“However, we would like to see a higher level of support retained for sectors which will still be barred from doing business, such as hospitality and leisure. Otherwise there is a real risk for these companies that a sudden increase in staff costs, without the ability to generate revenue, will cause a wave of avoidable redundancies and closures.”

The proposed changes also introduce a new limit to the number of staff who can be included on a claim.

This will be based on the maximum staff ever included in any single pre 1 July claim. The Chancellor also confirmed that from 1 August the CJRS grant will no longer cover the cost of employers’ National Insurance nor pension contributions with employers expected to cover the costs.

Anita Monteith of ICAEW’s Tax Faculty, said: “Employers will need to take great care not to be caught out by the cut-off date for furloughing additional employees and for making claims.”

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What is changing?

For July the grant will be available on the same basis as now (the lesser of 80% of pay and £2,500). The intention is that the government will reduce its contribution over the remaining months of the scheme – August to October – with a corresponding increase in the employer contribution.

– August – the CJRS will continue to pay 80% of wages
– September – the CJRS will pay 70% of wages while employers will take on the other 10%
– October – the CJRS will pay 60% of wages while employers will take on the other 20%

Throughout the duration of the furlough scheme it is important to remember that the employee will continue to receive their salary entitlement in full, as set out by the terms of their employment contract. The CJRS is a grant paid to the employer, and it is this grant which is now being scaled back, the calculation being based on the salary paid for any period while the employee is being furloughed.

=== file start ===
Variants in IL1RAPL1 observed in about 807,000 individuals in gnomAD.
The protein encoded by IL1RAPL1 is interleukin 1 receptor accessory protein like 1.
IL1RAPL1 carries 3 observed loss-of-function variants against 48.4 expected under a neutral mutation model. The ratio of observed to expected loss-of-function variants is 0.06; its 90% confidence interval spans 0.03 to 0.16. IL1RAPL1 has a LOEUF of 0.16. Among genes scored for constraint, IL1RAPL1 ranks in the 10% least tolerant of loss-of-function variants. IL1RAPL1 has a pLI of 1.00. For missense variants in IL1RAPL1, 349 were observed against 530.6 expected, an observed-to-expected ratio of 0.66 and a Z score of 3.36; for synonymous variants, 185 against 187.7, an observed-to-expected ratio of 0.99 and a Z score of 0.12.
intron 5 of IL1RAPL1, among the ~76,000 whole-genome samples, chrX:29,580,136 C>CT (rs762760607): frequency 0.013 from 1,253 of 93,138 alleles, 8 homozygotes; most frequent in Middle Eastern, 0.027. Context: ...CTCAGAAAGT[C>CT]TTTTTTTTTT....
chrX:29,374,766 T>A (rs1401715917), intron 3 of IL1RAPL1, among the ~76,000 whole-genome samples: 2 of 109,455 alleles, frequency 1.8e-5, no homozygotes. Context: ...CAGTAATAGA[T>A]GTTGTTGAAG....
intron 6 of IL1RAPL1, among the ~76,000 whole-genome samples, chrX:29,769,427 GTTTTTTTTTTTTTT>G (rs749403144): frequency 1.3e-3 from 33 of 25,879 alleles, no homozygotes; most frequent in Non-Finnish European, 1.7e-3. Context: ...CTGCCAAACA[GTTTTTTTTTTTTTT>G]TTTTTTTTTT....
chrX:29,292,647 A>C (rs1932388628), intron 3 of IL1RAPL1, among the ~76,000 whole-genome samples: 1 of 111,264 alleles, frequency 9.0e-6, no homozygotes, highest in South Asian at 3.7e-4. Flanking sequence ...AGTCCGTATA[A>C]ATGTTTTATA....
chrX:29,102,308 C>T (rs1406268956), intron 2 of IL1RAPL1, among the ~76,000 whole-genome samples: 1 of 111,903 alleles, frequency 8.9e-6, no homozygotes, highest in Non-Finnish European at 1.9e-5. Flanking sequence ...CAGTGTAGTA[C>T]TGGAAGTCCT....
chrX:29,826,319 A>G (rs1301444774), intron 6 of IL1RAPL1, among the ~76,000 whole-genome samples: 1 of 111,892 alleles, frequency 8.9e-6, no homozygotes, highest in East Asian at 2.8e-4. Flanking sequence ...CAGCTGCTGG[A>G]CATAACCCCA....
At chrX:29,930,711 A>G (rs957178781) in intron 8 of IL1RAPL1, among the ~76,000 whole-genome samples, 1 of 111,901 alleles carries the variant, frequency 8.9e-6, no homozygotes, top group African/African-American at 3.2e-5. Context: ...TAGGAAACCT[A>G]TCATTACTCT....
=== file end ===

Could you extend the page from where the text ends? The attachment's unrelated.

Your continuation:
The revised scheme has many of the same features as the current scheme which runs between 1 March and 30 June 2020, but there will be some significant changes intended to encourage those previously furloughed back to work. In summary, these are:

– Employees who were previously furloughed will be able to return to work on a flexible part-time basis.

– For those staff who are furloughed part-time, employers will be required to pay for the cost of the time staff are working. A grant will be available for the cost of their furloughed hours.

Employees must have been furloughed under the current scheme (CJRS V1) for them to be eligible for a furlough grant under the revised scheme (CJRS V2). So, in practice, only employees who have been included in a furlough grant claim made before 1 July 2020 can be furloughed under CJRS V2.

The rules for CJRS V1 covered only the period 1 March 2020 to 30 June 2020, para 12, The Coronavirus Act 2020 Functions of her Majesty’s Revenue and Customs (Coronavirus Job Retention Scheme) Direction.
This means the furlough scheme is closed to new entrants after 30 June 2020.

The Tax Faculty urges employers and agents who have yet to submit claims under the scheme, to do so now as a matter of urgency.

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Further points to note about CJRS V2

a. A new minimum reporting period of one week will apply from 1 August 2020. More frequent claims will not be accepted, but the reporting period can be longer.

b. From 1 July, claim periods will no longer be able to overlap months, employers who previously submitted claims with periods that overlapped calendar months will no longer be able to do this going forward. This is necessary to reflect the forthcoming changes to the scheme.

c. The grant will be based on the same premise as now, so the employee must be paid the lesser of 80% of reference salary and £2,500 per month. The government contribution to the 80% of reference salary is being reduced as the scheme progresses.

d. From 1 August onwards, the scheme will no longer cover the cost of employers’ National Insurance nor pension contributions applicable to the grant.

e. The new calculation will apply from 1 July to factor in the cost of hours worked to hours furloughed ratio.

f. Employers can claim the grant for the hours their employees are not working calculated by reference to their usual hours worked in a claim period. Further details will be included in future guidance.

g. Employers will need to report hours worked and the usual hours an employee would be expected to work in a claim period.

h. For worked hours, employees will be paid by their employer subject to their employment contract and employers will be responsible for paying the tax and NICs due on those amounts

i. There will be a new maximum limit to the number of staff who can be included on a claim. This will be based on the maximum staff ever included in a single claim under CJRS V1.

j. CJRS V2 will end on 31 October 2020.

A new factsheet giving further details on the changes to CJRS and SEISS is available from gov.uk 

HMRC is hoping to publish detailed guidance on CJRS V2 on 12 June 2020.